Productivity growth, a force that has contributed to lifting millions of people out of poverty in developing countries, will need substantial support from policymakers if it is to withstand the severe challenges posed by the COVID-19 pandemic’s economic shock, said a World Bank study.
A crucial foundation of income growth and poverty reduction, productivity growth has been in decline globally and in emerging market and developing economies since the 2007-2009 financial crisis, in what is the steepest, longest and broadest productivity deceleration of recent decades, according to Global Productivity: Trends, Drivers, and Policies.It said evidence from past epidemics and deep recessions suggests that the COVID-19 pandemic could depress labor productivity even further for years to come unless urgent policy action is taken.
“Productivity levels in emerging markets and developing economies remain less than 20 percent of the average in advanced economies, and only 2 percent in low income countries,” said a world bank press release quoted its Vice President for Equitable Growth, Finance and Institutions, Ceyla Pazarbasioglu.
“A possible silver lining may be that changes in behavior from the pandemic will accelerate the adoption of new technologies, greater efficiencies among businesses, and the pace of scientific innovation. However, it is vital to ensure that these gains are widely distributed and that technology-driven labor market disruptions are well managed,” said Ceyla Pazarbasioglu.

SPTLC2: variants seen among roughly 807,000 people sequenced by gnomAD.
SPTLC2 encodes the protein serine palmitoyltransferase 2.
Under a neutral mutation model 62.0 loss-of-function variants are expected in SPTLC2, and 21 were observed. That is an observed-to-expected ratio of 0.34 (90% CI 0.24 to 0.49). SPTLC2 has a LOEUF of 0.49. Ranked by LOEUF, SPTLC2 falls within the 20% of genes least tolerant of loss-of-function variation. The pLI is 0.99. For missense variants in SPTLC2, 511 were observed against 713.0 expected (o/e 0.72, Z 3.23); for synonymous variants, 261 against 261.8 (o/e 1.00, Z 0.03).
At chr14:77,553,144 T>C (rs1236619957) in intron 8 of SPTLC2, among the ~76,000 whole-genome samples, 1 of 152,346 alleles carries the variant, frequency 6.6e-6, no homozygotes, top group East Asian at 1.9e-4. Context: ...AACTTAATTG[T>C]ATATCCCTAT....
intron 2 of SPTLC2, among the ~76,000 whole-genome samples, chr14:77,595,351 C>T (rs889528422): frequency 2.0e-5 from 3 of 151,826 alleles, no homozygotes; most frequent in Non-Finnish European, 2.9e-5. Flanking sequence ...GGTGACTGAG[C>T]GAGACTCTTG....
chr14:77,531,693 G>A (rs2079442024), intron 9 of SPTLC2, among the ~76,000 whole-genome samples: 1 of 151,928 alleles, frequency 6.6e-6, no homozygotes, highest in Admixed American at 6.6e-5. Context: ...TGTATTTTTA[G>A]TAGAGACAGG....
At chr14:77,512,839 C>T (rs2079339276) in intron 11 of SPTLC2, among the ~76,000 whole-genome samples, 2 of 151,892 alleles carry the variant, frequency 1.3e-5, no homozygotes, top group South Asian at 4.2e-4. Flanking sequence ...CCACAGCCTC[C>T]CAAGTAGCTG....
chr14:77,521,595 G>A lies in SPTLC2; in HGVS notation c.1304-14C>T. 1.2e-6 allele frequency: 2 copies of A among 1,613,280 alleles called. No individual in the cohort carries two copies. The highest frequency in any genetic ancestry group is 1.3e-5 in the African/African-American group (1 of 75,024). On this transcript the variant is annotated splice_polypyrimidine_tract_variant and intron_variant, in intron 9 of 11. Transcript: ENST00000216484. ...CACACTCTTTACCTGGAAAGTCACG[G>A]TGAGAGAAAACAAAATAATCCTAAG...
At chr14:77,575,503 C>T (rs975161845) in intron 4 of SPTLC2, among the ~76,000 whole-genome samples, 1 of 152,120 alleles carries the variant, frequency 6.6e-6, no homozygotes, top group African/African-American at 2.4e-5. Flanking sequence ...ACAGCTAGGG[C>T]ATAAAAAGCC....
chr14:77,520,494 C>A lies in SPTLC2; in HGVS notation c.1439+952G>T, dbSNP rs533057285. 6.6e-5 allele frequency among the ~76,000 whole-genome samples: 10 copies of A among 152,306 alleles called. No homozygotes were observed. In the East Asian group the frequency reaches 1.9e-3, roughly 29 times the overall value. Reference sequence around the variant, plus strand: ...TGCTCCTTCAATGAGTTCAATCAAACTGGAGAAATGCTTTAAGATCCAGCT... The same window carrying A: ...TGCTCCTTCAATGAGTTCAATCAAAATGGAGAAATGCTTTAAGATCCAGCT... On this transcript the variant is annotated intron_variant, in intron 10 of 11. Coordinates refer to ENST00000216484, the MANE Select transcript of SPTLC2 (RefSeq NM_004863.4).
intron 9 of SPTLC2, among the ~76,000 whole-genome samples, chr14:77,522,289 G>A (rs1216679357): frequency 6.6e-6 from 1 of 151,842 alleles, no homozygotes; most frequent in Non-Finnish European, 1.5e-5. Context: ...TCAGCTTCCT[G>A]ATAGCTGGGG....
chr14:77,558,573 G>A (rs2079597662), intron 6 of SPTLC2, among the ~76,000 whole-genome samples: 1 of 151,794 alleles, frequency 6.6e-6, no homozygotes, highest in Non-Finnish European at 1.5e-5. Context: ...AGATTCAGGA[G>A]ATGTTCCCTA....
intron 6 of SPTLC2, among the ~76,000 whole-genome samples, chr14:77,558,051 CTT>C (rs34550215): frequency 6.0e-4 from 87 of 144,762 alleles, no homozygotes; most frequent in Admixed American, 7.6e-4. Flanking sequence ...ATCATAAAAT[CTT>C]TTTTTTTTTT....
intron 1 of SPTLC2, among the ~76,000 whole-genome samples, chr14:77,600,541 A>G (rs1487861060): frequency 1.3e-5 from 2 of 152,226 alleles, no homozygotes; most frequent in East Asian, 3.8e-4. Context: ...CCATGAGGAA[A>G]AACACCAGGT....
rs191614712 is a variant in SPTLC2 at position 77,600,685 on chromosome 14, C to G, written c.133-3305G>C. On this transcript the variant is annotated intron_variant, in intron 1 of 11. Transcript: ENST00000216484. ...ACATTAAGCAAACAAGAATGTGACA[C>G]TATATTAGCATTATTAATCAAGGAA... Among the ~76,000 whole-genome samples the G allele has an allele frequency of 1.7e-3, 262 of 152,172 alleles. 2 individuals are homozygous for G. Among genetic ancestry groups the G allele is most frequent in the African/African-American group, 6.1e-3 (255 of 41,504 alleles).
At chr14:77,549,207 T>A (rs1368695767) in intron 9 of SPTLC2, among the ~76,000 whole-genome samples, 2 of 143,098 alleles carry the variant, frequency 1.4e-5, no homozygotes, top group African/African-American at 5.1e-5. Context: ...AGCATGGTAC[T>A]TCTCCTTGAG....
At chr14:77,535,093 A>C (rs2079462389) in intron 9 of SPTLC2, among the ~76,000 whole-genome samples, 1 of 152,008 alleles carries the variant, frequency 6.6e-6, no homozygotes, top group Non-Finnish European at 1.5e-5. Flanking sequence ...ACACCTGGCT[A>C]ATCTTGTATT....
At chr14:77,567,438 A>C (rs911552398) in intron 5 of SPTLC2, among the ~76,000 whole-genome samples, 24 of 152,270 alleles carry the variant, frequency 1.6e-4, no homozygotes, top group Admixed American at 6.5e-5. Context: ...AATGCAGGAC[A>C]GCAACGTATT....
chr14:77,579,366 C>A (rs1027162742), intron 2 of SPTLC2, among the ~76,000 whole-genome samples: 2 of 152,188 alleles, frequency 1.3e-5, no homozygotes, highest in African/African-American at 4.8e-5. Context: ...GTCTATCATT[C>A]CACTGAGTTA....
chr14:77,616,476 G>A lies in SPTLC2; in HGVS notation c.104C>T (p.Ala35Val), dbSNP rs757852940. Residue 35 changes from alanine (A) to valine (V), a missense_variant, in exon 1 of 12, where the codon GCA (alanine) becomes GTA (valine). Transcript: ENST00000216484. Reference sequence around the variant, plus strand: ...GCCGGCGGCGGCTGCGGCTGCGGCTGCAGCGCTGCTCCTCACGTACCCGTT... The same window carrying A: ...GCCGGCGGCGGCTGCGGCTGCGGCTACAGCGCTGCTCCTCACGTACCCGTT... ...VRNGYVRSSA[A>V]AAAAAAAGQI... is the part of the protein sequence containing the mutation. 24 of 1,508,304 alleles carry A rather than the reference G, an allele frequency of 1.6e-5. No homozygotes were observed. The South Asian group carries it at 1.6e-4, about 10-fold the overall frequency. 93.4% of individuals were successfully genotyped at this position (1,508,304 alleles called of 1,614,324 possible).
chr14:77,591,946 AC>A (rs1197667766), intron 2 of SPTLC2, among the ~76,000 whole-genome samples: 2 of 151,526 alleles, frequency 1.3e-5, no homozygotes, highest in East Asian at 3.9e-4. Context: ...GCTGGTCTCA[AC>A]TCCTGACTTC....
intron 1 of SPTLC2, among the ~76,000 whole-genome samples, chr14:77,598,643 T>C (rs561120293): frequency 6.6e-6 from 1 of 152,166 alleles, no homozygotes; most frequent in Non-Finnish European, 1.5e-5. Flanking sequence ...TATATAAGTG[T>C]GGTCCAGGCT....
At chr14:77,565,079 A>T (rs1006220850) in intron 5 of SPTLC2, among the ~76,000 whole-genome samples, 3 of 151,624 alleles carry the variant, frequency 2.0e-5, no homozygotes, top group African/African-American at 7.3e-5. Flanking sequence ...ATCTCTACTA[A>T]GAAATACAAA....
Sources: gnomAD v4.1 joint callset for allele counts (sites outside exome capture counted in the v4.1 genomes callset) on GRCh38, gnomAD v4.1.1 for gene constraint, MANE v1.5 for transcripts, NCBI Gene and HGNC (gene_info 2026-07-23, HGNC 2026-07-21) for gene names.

The report, first of its kind, draws from a comprehensive dataset covering 35 advanced economies and 129 emerging market and developing economies.
It finds factors that have spurred productivity growth, such as working age population growth, educational attainment, and growth of global value chains, have faded or gone into reverse since the 2007-09 global financial crisis.
Furthermore, the collapse of global trade and disruptions in global supply chains during the current pandemic, if prolonged, could be particularly damaging to prospects for productivity growth among emerging market and developing economies, the report finds.While emerging market and developing economies have historically lagged advanced economies in productivity levels, falling poverty rates in recent decades had been an encouraging sign that some of these economies had made productivity and income gains.
Convergence to higher productivity levels has been associated with factors including greater political stability, better education systems, diversified economies, and integration into global supply chains.
However, the current drop in global manufacturing, slower trade growth, erosion of human capital, and weak outlook for commodity prices may make closing the gap harder, the report finds.
“Even prior to the COVID-19 pandemic, there had been a broad-based slowdown in productivity growth,” said World Bank Prospects Group Director Ayhan Kose.
“This indicates that any policy package to rekindle productivity growth needs to be similarly broad-based. A comprehensive policy package should spur investment in human and physical capital, encourage reallocating resources to more productive sectors, foster technology adoption and innovation, and promote a sound institutional and macroeconomic environment,” added the World Bank official.